Growing a Good Life from America’s Roots
JOHN D. IVANKO AND LISA KIVIRIST
Small-scale farming—whether it’s called hobby farming, market gardening, part-time truck farming or homesteading—satisfies many Americans’ yearning to work the land for pleasure, as well as profit. These days, you’re just as likely to find a hobby farm in the city or suburbs as on a country lane.
Anyone serious about growing a large percentage of their own food, raising animals, tending colonies of bees, nurturing an orchard, generating their own renewable energy onsite or managing a timber stand or pond might be considered a hobby farmer. It’s about living close to the land, caring for it and letting it inspire daily life. It also can contribute to the family’s livelihood through sales of products such as honey, fresh produce, eggs or surplus energy.
“Living on our farm allows us to engage with the natural world with its seasonal patterns, provides many of our family’s needs in a sustainable way and offers a marvelous foundation for our homeschooling adventures,” enthuses Heidi Hankley, who lives with her husband and two kids in a straw-clay insulated home with a wood-fired masonry heater. Her husband commutes to his environmental engineering job in Madison, Wisconsin, and helps out after hours.
Their seven-acre farm includes a small flock of hens for eggs, three beehives, an organic garden that sends Hankley to the farmers’ market once a week in season, and three acres of tallgrass prairie. “We knew we wouldn’t need to cultivate all of our open land
to meet our needs, so instead of leasing it out for more cropping and haying, we decided to restore it to prairie,” she explains. Their set-aside lands earn a per-acre payment from the U.S. Department of Agriculture’s Conservation Reserve Program.
“When the farm is a lifestyle, not a way to earn a living, that’s hobby farming,” write Michael and Audrey Levatino in The Joy of Hobby Farming. They operate the 25-acre Ted’s Last Stand Farm and Gardens, outside Gordonsville, Virginia. “It doesn’t mean one isn’t serious about farming,” says Michael. “We have a thriving, diverse farm business ourselves, but we pay most of our personal expenses via outside employment.”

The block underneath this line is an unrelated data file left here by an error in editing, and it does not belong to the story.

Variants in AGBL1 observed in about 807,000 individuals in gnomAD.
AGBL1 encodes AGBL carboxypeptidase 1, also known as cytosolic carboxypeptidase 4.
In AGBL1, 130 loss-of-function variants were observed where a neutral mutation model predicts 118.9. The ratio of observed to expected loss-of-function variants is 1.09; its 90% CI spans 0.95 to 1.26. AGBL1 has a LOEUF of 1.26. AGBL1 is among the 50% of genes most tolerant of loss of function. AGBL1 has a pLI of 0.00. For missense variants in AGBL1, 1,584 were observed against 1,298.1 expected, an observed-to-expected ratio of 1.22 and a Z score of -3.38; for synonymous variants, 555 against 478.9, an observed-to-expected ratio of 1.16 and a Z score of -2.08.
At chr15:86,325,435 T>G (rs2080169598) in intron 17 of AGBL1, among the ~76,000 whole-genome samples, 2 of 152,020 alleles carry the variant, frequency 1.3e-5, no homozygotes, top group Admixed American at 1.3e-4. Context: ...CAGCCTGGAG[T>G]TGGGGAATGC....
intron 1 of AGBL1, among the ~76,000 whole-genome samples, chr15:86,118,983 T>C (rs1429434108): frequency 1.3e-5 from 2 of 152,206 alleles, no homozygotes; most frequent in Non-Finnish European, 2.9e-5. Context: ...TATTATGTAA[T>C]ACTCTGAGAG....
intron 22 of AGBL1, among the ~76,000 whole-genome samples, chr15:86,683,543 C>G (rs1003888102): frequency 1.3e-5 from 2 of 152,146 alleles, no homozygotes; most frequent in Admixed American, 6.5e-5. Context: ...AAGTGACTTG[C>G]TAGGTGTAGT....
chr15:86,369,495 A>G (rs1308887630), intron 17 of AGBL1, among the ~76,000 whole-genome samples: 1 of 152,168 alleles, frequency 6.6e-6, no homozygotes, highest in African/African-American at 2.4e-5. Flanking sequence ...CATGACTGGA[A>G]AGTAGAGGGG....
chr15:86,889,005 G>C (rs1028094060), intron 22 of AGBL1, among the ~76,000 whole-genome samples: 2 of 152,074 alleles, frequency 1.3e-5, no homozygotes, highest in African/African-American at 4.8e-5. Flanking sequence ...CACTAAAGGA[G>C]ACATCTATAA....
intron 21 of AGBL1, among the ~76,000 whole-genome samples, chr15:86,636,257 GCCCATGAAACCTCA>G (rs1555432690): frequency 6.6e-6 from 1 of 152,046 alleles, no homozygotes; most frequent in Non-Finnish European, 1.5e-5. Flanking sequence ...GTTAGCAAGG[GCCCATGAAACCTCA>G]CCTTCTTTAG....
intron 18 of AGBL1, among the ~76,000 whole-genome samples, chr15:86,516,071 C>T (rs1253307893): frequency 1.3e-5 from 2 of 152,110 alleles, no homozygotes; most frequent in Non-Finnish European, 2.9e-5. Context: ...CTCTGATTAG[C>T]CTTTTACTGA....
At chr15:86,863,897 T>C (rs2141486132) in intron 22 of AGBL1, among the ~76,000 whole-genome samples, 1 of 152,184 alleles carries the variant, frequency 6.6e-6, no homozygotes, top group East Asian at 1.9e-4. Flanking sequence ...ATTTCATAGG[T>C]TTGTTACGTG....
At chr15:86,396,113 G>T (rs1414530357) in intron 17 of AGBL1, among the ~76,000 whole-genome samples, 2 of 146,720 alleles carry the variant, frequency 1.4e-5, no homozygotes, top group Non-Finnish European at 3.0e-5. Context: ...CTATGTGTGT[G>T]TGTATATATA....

On a residential lot in Santa Monica, California, Lewis Perkins nurtures an abundant orchard of avocados, oranges, guavas and pomegranates as a member of the Home Growers Circle for Forage restaurant, in Los Angeles. Each year, he sells more than 600 pounds of fresh citrus and herbs to Forage. He also harvests his own ginger, pecans, macadamia nuts and bay leaves. When not in the orchard, he works as a certified financial planner.
“My garden is so satisfying,” says Perkins, who raises more than 30 fruits on on his urban farm. “Sometimes I’ll spend an entire day working in my field, which comprises a 50-by-150-foot city lot.”
With enough pasture, livestock can be raised on small land holdings. Backyards work well for hens, while larger lots or a few acres may support goats, sheep, llamas, horses or a cow, depending on local ordinances.
“You can raise goats on a very small acreage, but then need to supplement the pasture with hay and grain,” says Diana Kalscheur Murphy, owner of Dreamfarm, a community supported agriculture (CSA) enterprise in Cross Plains, Wisconsin. “We have 24 milking goats grazing on about three acres of pasture.” She moves the goats to different pastures in alternating years. Murphy’s goat’s milk cheeses have earned awards, paid the bills and led to making many new friends.
Hobby farming, despite its name, demands hard work and often a commitment to re-skilling oneself. It may be necessary to learn the finer points of growing vegetables, pruning an orchard, canning pickles and birthing livestock.
“To avoid trouble with the IRS, the most important thing is to show that you are working towards making a profit over several years,” advises Michael Levatino. Besides registering their business with state and federal agencies, hobby farmers must pay applicable sales taxes, keep a separate business bank account, and maintain records of business expenses and revenues. For hobby farmers, especially those with animals, there is no time off. In cold climates, winter is a time of processing, planning next year’s gardens or making repairs, while a farm in warmer regions can produce crops or other products year-round.
“If everyone’s a part-time farmer, we can collectively go a long way toward living in a more healthy, just and sustainable world,” Levatino observes. “Many people primarily go into hobby farming so that they can make the jump from being a responsible consumer to a responsible producer.”
John D. Ivanko and Lisa Kivirist, co-authors of Rural Renaissance, ECOpreneuring and Farmstead Chef, operate the award-winning Inn Serendipity farmstay B&B with their son in Browntown, WI. Connect at InnSerendipity.com.